An official website explains that the social media movement is “meant to intentionally disrupt the work week… in observance of the long-standing racism and inequality that exists from the boardroom to the boulevard."

The music industry is a multi-billion dollar industry built on privilege, and one that has “profited prominently from black art”.

“Our mission is to hold the industry at large, including major corporations and their partners who benefit from the efforts, struggles and successes of Black people accountable,” says the website.

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Despite the name ‘Blackout Tuesday’ being attribute to it, Thomas and Agyemang say: “This is not just a 24-hour initiative. We are and will be in this fight for the long haul."

What is happening?

Major musical artists like the Rolling Stones, Billie Eilish and Quincy Jones all observed the day

No hard and fast ‘rules’ were set on how to show support for the initiative, but at the very minimum, bands and artists modified their social media profiles, changing cover images and display pictures to the colour black.

They also refrained from posting across social media channels; a number of artists also cancelled listening parties or fan events.

Spotify added eight minutes and 46 seconds of silence to selected playlists and podcasts, reflecting the length of time an aggressive knee was applied to the side of George Floyd's neck.

Major record labels like Def Jam, Interscope, Sony Music, Columbia Records, and also took part, and music-based companies such as Live Nation and TikTok supported and stood with the black community.

Independent bands and labels from across the world also lended their support to this most worthy of causes.

Who else is taking part?

While #theshowmustbepaused and #BlackoutTuesday originated in the music industry, word of the movement inevitably spread, and representatives across many different industries from entertainment and beyond lended their support to the cause.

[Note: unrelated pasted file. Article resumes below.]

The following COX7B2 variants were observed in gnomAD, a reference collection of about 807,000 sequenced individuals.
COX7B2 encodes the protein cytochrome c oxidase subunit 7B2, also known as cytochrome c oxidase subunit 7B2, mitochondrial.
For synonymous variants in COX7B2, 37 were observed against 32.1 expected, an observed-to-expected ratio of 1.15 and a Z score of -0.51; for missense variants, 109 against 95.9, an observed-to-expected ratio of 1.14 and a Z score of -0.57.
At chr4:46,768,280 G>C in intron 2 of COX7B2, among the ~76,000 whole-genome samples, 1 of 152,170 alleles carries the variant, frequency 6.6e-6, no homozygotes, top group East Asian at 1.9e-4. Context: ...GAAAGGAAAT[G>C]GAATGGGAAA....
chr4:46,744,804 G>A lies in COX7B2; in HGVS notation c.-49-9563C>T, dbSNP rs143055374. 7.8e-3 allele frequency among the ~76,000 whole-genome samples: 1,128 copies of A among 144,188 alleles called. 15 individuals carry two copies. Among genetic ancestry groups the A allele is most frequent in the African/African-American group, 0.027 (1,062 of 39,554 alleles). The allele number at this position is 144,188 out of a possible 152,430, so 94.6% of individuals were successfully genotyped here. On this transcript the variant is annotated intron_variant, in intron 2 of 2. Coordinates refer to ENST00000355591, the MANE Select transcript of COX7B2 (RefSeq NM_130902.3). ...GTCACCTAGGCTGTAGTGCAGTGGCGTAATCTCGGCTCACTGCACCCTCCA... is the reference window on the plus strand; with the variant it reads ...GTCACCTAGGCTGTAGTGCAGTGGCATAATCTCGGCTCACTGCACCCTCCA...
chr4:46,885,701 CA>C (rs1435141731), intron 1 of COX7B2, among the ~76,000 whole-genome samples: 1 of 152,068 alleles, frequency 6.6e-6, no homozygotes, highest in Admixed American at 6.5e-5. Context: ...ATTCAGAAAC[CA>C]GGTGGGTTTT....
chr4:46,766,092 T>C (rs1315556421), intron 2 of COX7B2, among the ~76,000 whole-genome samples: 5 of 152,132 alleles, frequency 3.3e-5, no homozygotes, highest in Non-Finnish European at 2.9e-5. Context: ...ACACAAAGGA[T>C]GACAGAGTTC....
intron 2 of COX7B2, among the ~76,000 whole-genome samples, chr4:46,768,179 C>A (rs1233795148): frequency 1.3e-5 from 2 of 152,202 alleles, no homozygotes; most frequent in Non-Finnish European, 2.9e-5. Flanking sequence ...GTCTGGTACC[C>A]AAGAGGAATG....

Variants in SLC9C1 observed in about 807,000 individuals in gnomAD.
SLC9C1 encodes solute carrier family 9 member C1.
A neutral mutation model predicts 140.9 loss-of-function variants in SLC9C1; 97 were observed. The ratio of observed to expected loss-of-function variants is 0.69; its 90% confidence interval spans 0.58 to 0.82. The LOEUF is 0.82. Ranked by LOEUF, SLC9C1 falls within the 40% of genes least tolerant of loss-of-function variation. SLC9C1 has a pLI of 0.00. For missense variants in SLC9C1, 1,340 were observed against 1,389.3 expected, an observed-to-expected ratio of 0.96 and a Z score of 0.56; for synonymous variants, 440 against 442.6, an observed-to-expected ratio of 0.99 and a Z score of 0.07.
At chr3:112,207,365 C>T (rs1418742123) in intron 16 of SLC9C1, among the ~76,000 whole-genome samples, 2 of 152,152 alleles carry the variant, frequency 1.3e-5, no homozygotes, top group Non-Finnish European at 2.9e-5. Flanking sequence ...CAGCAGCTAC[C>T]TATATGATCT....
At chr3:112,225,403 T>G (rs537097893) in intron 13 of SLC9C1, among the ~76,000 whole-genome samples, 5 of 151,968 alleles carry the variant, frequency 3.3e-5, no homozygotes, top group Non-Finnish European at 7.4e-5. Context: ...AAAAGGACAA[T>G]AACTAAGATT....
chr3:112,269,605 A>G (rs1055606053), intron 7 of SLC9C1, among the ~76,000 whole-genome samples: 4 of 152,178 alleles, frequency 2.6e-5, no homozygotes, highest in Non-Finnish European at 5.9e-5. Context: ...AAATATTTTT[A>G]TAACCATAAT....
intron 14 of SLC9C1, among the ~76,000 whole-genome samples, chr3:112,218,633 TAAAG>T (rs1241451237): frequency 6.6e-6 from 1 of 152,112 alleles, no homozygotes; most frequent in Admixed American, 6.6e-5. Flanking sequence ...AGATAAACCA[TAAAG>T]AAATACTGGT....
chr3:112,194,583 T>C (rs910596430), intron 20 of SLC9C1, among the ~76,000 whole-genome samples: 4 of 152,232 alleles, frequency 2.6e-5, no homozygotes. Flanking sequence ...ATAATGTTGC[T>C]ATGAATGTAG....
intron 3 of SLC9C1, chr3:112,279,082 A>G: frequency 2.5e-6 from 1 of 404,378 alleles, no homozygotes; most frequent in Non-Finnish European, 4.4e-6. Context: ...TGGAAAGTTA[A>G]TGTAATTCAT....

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Celebrities from the world of film and TV vowed to take part, and in America, a number of television networks went dark for 8 minutes and 46 seconds in honour of Floyd.

MTV did not “hold any meetings nor conduct any business… in solidarity with our African American colleagues and loved ones across the country,” according to Chris McCarthy, president of the ViacomCBS Entertainment & Youth Group.

How can I get involved?

There are a number of ways you can get involved and show your support for Blackout Tuesday and the Black Lives Matter movement.

Blacking out your social media profile and posting a black square to your feeds is a first step, but theshowmustbepaused.com lists further suggestions as to how you can make a difference, and enact positive change:

- If you have been impacted by the recent events, take a break - there is a lot going on and sometimes we all just need a minute. Take that minute

- Help the family of George Floyd HERE

- Fight for Breonna Taylor HERE

- Help the family of Ahmaud Arbery HERE

- Want to help protesters? Donate to one or more community bail funds HERE

- Visit Movement For Black Lives for additional ways you can help the cause

- Want to connect with leaders building grass roots campaigns? Click HERE

- Are you an ally and want to learn more? Here are some anti-racism resources